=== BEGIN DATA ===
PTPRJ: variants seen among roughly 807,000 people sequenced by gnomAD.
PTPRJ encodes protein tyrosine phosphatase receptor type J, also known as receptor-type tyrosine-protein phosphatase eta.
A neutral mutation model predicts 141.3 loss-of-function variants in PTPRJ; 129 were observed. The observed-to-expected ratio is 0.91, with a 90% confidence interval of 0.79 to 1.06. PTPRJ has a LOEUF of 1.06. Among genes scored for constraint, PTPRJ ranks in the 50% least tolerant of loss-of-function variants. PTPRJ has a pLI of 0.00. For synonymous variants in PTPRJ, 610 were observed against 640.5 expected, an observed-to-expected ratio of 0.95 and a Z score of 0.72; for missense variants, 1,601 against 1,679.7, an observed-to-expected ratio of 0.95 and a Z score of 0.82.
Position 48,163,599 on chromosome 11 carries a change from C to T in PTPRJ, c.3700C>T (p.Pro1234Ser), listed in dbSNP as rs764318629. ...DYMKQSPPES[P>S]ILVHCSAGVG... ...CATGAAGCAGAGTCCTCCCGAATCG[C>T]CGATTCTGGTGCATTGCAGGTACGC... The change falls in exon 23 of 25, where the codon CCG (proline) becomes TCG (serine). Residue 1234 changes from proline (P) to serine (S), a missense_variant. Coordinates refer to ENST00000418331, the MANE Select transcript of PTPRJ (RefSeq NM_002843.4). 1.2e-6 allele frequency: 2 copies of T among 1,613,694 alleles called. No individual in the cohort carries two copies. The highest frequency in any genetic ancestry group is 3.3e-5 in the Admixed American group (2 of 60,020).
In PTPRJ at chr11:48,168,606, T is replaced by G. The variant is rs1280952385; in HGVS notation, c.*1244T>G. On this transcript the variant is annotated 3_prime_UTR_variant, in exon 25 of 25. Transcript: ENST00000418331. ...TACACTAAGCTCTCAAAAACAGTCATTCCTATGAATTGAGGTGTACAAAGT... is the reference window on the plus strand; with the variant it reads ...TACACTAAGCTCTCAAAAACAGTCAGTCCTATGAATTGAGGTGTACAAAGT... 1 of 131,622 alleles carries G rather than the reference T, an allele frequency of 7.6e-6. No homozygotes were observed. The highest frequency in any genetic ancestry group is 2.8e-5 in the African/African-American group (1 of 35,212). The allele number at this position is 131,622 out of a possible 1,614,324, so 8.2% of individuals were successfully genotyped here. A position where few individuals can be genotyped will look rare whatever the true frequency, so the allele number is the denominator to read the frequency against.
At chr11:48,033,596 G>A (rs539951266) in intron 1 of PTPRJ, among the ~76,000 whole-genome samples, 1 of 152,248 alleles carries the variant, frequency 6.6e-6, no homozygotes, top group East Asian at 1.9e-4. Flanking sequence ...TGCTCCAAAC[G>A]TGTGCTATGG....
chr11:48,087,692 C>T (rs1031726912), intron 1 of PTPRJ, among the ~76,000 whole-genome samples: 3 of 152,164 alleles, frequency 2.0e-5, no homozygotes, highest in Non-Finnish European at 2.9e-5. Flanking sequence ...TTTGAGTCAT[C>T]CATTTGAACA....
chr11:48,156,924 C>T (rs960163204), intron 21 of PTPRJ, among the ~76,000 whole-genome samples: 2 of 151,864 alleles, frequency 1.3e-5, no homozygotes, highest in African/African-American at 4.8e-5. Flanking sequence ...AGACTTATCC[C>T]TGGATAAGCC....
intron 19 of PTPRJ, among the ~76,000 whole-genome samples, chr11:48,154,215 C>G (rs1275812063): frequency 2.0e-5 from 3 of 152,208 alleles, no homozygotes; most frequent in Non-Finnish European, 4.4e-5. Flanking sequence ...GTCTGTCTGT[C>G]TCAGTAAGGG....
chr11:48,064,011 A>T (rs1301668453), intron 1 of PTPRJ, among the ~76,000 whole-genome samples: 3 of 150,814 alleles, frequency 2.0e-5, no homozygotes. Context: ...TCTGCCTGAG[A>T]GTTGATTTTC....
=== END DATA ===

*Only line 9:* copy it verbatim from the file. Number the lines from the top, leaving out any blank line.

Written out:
intron 19 of PTPRJ, among the ~76,000 whole-genome samples, chr11:48,154,215 C>G (rs1275812063): frequency 2.0e-5 from 3 of 152,208 alleles, no homozygotes; most frequent in Non-Finnish European, 4.4e-5. Flanking sequence ...GTCTGTCTGT[C>G]TCAGTAAGGG....